Top News: Tunisian MPs Denounce Light Verdicts for Ben Ali Officials

On Monday, a Tunisian military court announced that two former Ben Ali officials, the former head of presidential security and the former interior minister, would only serve three year sentences. Jalel Boudriga, former chief of Tunisia’s special brigades, had his sentence commuted from ten to three years. Following the announcement, Tunisian lawmakers condemned the sentences as excessively lenient and several MPs demand that the cases be retried in civilian court. The International Federation for Human rights also criticized the verdicts. [The Daily Star, 4/14/2014]



Egypt forms committee to draft parliamentary elections law
Interim President Adly Mansour has established a committee to amend the political rights and parliamentary elections laws. The committee will be headed by Mohammed al-Mahdi, minister of transitional justice, and include a number of judicial officials and law professors, a full list of which can be viewed here. The committee will amend Law 73 (1956) regarding political rights and Law 38 (1972) organizing parliamentary issues, to ensure they conform to the new constitution passed in January. Once the commission starts, it will have fifteen days to present the draft to various political forces and the public for debate. The draft laws will be sent to the cabinet and the legislation department of the State Council for approval. [Ahram Online, 4/15/2014]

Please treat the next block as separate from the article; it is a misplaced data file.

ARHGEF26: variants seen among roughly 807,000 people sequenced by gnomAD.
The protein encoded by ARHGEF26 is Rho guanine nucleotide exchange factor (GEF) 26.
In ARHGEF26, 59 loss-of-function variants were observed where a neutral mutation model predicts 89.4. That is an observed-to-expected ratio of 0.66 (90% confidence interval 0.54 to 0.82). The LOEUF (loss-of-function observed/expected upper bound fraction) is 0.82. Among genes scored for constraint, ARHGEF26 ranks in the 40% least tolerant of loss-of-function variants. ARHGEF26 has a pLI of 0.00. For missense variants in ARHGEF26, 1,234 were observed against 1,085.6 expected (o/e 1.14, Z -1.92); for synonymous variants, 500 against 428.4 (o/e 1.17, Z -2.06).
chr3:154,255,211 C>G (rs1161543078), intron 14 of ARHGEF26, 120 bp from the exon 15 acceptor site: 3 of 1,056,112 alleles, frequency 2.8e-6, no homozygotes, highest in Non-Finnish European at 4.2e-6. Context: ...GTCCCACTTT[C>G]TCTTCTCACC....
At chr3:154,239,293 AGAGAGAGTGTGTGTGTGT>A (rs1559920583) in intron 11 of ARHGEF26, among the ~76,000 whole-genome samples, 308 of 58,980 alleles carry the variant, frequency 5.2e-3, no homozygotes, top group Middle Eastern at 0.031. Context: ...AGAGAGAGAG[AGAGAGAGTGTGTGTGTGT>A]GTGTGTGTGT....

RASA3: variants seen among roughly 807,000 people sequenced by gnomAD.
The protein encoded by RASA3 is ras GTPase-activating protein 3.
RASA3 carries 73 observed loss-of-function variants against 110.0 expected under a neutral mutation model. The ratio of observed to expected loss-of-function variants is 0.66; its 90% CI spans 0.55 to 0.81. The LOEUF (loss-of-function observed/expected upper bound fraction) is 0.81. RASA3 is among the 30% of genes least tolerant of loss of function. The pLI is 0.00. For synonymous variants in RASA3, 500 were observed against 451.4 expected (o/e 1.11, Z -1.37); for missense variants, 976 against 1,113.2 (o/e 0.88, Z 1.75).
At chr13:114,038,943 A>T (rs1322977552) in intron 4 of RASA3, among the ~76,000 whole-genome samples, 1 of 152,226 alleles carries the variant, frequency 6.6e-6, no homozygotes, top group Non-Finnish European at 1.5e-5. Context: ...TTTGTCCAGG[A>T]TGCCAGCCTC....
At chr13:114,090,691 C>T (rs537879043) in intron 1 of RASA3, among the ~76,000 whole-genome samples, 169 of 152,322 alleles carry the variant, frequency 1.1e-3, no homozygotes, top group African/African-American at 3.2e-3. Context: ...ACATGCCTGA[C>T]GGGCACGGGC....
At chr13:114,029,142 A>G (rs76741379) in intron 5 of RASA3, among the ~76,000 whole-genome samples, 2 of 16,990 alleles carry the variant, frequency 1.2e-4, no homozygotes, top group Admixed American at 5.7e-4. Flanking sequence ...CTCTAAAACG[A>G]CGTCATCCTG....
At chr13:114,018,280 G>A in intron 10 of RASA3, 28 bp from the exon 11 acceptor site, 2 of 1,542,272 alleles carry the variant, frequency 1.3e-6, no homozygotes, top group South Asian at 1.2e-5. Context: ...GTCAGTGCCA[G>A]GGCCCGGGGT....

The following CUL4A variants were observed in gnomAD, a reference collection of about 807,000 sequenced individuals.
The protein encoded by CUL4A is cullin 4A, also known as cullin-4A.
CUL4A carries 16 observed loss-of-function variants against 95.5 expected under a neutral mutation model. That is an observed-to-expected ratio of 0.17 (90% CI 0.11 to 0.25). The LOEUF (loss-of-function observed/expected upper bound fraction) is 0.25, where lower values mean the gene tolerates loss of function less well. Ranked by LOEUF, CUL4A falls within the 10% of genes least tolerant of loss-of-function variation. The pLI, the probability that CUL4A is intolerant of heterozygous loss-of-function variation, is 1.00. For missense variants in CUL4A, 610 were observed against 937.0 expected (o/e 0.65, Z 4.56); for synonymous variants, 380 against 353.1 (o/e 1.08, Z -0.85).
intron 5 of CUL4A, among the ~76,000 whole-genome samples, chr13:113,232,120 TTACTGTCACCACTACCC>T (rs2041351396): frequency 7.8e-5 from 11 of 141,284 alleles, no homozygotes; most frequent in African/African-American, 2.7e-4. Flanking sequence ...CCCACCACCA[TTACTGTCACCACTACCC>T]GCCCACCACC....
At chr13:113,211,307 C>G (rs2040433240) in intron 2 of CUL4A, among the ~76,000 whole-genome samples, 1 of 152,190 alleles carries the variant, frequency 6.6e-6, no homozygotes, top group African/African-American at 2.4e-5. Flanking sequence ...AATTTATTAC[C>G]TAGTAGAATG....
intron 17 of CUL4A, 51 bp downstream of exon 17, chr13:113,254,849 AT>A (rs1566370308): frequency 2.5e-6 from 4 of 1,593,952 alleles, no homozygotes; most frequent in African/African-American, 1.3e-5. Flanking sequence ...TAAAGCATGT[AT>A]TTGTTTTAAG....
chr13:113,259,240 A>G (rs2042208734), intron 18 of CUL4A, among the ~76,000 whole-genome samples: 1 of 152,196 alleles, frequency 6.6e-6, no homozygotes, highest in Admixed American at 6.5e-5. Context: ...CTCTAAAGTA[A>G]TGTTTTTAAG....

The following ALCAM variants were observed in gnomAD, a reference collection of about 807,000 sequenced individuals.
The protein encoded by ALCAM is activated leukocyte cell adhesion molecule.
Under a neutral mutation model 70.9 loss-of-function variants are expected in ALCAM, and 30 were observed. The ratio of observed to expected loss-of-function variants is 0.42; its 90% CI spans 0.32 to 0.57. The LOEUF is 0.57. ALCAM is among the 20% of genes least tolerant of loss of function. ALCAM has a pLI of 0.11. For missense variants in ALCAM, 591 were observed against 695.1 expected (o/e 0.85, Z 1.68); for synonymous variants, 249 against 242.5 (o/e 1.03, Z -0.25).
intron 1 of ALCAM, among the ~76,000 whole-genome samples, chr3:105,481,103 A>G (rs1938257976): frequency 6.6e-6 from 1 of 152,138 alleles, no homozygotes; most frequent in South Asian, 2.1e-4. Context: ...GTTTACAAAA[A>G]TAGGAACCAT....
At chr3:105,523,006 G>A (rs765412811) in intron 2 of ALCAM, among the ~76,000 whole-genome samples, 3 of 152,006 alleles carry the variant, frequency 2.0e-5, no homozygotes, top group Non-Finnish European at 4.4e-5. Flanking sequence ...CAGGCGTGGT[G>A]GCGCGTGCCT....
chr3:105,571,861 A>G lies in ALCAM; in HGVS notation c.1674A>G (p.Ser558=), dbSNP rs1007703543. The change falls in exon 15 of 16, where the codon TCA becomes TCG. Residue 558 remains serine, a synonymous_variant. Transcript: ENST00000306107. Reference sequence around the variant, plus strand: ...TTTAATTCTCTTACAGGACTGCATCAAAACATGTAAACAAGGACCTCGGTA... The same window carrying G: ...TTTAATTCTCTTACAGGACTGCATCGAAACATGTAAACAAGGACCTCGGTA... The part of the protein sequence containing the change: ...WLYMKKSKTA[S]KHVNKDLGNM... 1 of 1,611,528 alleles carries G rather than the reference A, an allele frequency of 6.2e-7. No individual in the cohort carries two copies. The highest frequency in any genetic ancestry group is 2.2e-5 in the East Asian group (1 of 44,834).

Court bans Brotherhood from running for presidency or parliament
An Alexandria court banned Muslim Brotherhood members on Tuesday from running for Egypt’s upcoming presidential and parliamentary elections. Egypt will vote for a new president on May 26 and 27. The Brotherhood was declared a terrorist organization in December after it was accused of carrying out an attack on a security office that left sixteen dead. The Brotherhood has denied the use of violence. [Aswat Masriya, 4/15/2014]